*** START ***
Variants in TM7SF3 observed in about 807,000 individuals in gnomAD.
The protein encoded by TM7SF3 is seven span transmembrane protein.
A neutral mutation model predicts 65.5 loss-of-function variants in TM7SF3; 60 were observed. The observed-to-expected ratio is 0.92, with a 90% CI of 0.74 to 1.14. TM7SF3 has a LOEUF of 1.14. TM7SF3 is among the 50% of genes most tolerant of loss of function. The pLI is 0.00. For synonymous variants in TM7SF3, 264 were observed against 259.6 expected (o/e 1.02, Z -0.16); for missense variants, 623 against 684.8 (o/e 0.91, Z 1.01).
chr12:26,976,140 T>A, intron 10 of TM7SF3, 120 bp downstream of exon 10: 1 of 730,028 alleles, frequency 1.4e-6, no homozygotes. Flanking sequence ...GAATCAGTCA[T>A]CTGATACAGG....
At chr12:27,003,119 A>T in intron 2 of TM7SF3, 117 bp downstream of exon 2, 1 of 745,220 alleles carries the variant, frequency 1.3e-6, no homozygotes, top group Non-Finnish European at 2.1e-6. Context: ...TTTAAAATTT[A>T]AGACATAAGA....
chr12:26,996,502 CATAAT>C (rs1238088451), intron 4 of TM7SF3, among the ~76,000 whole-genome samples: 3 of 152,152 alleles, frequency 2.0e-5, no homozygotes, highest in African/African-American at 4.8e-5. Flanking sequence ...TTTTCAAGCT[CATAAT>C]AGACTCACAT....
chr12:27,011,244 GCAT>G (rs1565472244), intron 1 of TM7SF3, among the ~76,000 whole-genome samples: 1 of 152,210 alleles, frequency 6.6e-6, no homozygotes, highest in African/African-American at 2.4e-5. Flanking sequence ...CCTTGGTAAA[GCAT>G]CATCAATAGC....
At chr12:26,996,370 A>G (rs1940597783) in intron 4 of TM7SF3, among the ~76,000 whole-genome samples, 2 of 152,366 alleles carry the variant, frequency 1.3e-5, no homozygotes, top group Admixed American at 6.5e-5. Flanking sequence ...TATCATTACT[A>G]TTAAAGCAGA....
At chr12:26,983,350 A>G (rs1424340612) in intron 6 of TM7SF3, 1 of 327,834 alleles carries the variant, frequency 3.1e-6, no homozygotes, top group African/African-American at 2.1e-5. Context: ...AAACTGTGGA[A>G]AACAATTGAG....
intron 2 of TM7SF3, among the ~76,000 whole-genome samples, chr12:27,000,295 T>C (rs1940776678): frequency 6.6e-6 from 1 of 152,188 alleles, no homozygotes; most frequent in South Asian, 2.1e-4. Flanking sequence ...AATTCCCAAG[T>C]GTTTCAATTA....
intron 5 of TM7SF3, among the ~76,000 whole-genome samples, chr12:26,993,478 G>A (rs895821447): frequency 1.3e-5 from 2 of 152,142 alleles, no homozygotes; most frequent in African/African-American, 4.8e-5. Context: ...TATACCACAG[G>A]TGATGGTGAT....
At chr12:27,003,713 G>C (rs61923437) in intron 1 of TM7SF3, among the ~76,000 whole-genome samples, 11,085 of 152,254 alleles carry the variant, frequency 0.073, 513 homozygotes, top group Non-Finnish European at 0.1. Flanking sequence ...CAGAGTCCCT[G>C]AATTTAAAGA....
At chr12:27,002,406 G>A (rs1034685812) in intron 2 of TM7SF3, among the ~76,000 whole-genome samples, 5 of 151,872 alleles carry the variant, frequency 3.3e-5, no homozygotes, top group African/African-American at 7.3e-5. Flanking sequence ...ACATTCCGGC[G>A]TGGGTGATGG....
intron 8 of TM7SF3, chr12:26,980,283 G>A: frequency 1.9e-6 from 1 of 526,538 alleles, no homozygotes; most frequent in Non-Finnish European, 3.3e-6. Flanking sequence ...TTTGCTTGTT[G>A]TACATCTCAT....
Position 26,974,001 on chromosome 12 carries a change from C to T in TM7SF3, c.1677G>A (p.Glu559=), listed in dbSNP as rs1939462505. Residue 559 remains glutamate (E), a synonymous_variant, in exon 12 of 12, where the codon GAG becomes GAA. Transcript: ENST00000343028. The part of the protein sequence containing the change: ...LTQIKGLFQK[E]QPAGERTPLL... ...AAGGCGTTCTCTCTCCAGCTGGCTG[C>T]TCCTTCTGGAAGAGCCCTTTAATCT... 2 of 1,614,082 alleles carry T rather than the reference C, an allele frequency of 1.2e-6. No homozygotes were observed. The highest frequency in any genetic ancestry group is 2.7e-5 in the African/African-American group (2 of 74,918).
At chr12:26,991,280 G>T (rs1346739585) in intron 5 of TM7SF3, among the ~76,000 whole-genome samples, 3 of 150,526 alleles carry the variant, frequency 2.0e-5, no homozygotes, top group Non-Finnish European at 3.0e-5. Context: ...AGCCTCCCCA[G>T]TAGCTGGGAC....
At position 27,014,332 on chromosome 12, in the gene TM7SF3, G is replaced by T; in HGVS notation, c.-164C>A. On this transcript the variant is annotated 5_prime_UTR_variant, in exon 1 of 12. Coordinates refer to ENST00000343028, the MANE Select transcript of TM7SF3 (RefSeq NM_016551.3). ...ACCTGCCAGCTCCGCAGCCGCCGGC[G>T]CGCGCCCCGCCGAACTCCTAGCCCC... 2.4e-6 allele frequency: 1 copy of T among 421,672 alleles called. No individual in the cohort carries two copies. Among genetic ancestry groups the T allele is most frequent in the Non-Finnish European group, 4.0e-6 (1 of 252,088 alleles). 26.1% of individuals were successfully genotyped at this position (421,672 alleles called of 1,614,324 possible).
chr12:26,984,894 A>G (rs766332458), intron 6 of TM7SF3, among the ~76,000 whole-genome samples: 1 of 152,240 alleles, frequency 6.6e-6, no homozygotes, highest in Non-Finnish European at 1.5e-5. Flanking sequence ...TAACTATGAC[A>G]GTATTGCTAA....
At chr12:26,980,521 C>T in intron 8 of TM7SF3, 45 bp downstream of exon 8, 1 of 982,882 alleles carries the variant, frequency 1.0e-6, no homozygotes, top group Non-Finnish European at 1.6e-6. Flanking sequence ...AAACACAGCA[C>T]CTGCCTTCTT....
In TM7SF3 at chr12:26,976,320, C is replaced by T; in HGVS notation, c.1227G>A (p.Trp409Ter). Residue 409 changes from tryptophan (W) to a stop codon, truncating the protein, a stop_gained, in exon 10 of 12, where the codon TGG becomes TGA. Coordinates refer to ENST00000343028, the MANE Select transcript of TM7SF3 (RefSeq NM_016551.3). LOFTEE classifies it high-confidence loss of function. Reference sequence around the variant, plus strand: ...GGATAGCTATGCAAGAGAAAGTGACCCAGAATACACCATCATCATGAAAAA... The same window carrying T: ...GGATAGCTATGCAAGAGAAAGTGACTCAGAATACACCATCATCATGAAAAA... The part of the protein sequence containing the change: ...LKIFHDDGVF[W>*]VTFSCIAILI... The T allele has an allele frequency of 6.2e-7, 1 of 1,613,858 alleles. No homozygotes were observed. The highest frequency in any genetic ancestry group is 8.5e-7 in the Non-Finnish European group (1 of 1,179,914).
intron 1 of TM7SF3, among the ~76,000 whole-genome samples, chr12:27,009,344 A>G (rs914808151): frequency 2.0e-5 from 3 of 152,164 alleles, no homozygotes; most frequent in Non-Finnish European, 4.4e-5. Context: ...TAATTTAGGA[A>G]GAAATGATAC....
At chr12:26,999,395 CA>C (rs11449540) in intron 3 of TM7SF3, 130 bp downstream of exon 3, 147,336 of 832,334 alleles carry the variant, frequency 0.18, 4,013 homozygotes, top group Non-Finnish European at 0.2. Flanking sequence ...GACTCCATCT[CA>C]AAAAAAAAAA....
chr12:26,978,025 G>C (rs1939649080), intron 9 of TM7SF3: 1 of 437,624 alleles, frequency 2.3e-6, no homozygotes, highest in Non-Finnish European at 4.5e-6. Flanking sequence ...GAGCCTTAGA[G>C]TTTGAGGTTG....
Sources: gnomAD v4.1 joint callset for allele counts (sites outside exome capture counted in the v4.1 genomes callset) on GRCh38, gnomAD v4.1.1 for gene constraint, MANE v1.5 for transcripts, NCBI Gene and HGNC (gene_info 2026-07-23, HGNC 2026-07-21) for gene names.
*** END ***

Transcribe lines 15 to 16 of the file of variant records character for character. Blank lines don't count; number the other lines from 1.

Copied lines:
Position 26,974,001 on chromosome 12 carries a change from C to T in TM7SF3, c.1677G>A (p.Glu559=), listed in dbSNP as rs1939462505. Residue 559 remains glutamate (E), a synonymous_variant, in exon 12 of 12, where the codon GAG becomes GAA. Transcript: ENST00000343028. The part of the protein sequence containing the change: ...LTQIKGLFQK[E]QPAGERTPLL... ...AAGGCGTTCTCTCTCCAGCTGGCTG[C>T]TCCTTCTGGAAGAGCCCTTTAATCT... 2 of 1,614,082 alleles carry T rather than the reference C, an allele frequency of 1.2e-6. No homozygotes were observed. The highest frequency in any genetic ancestry group is 2.7e-5 in the African/African-American group (2 of 74,918).
At chr12:26,991,280 G>T (rs1346739585) in intron 5 of TM7SF3, among the ~76,000 whole-genome samples, 3 of 150,526 alleles carry the variant, frequency 2.0e-5, no homozygotes, top group Non-Finnish European at 3.0e-5. Context: ...AGCCTCCCCA[G>T]TAGCTGGGAC....